Home Articles Some GIS industry trends – In the Internet era and otherwise

Some GIS industry trends – In the Internet era and otherwise

Debasis Das
Director-GIS Services,
Genesys International Corporation Ltd., Mumbai

Internet obviously is a major driving force of some significant changes happening with GIS industry, as we all know it. I take this opportunity to raise some of the other significant trends that I see for further discussions in this august forum. Other than the net driving GIS into many areas we are not even aware of today, another significant change, possibly, is GIS becoming just another specialty in the mainstream IT.

The Internet Era
The latest issue of Business Week International features an article on how Toyota and other carmakers are delivering multimedia infotainment through the web and various other means. Most important application being promoted is navigation. Coupled with announcements from GM and Ford to make Internet access available from a car, this clearly is a geo-spatial opportunity among other things.

Efforts are already on to provide www access to other mobile platforms such as cellular phones and handheld computers such as Palmtops. Besides many other types of data access, large amount of spatial data would be accessed-if current usage from static desktops is any indication. According to industry sources, one popular web site delivered more than 80 million maps and directions in a single month!

One of the biggest benefits the net delivers, is the ease with which content can reach the end user. Rather than trying to manage the underlying communication infrastructure, solution providers need only to focus on the data and the application. A sure indicator of this trend is that, every one of the GIS software providers has web-enabling tools available, today!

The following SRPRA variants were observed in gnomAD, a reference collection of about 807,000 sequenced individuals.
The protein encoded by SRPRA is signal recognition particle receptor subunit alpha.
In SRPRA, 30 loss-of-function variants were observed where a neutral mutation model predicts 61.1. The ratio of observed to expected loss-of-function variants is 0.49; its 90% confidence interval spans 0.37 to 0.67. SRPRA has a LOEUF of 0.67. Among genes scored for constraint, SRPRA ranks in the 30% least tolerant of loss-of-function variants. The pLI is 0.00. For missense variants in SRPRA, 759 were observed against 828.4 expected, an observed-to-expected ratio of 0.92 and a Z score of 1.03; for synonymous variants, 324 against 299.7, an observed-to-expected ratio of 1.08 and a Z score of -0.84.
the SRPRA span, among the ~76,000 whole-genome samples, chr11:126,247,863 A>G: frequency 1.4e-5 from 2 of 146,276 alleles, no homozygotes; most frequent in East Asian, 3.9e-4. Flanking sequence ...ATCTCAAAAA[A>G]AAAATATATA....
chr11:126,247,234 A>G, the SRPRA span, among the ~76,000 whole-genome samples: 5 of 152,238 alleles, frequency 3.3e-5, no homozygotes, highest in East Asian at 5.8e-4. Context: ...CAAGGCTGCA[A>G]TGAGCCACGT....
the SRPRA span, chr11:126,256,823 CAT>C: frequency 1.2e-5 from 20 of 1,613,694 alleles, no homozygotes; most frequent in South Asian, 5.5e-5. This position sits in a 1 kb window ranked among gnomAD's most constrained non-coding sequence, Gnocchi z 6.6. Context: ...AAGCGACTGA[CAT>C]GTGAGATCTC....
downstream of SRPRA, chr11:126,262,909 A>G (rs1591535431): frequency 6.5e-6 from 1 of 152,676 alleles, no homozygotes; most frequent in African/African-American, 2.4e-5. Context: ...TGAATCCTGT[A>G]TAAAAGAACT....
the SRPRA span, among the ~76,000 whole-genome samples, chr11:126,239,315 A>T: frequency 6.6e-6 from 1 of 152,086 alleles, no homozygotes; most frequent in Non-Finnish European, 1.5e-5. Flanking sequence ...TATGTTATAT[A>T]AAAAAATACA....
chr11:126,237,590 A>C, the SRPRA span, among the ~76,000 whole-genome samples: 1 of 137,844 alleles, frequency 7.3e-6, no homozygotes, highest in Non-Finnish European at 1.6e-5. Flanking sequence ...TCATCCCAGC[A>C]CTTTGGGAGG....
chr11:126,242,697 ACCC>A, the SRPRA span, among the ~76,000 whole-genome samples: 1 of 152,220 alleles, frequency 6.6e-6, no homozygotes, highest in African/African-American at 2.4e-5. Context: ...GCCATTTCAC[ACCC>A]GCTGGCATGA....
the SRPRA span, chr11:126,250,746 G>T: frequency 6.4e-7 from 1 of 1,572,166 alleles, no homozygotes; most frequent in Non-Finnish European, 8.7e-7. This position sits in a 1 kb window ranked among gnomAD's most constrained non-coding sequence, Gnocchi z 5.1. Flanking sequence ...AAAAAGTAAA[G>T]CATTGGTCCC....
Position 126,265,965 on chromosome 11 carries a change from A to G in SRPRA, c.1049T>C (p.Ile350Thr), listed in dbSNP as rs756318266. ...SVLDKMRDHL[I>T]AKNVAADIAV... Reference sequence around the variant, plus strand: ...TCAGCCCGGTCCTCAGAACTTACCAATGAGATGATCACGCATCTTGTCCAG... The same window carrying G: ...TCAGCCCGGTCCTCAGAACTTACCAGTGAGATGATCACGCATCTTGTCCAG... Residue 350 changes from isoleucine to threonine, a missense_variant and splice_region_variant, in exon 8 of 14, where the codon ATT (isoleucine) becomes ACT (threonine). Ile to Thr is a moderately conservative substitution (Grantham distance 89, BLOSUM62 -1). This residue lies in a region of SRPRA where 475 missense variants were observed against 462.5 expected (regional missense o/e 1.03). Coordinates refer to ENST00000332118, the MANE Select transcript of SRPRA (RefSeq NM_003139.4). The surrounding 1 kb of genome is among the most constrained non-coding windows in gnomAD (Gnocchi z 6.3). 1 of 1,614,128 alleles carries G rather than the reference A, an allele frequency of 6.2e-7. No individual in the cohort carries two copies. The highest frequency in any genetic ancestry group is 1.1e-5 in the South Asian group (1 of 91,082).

Like digital audio and video, GIS data needs large bandwidths to achieve satisfactory response times. While net bandwidth gets upgraded gradually, there remains a need of effective compression/decompression technology. Several good products are already available.

There is a downstream need for geo-spatial data generated from this push for higher bandwidth communication infrastructure, including those supporting mobile communication. There is a constant need for higher resolution spatial data for effectively engineering/maintaining such communication systems.

Domain specific solutions
Users are increasingly demanding solutions customized for their business area. There are two clear indicators to this trend. Traditional GIS vendors are making specific vertical solutions available. Second indicator is the increasing availability of components that take care of GIS functionality so customer specific solutions can be easily created. Emphasis on object orientation is prompted by the need for robust solutions and easy maintainability as with software solutions in any other area. Fairly large offering of components from independent vendors also exist today.

Interoperable GIS environment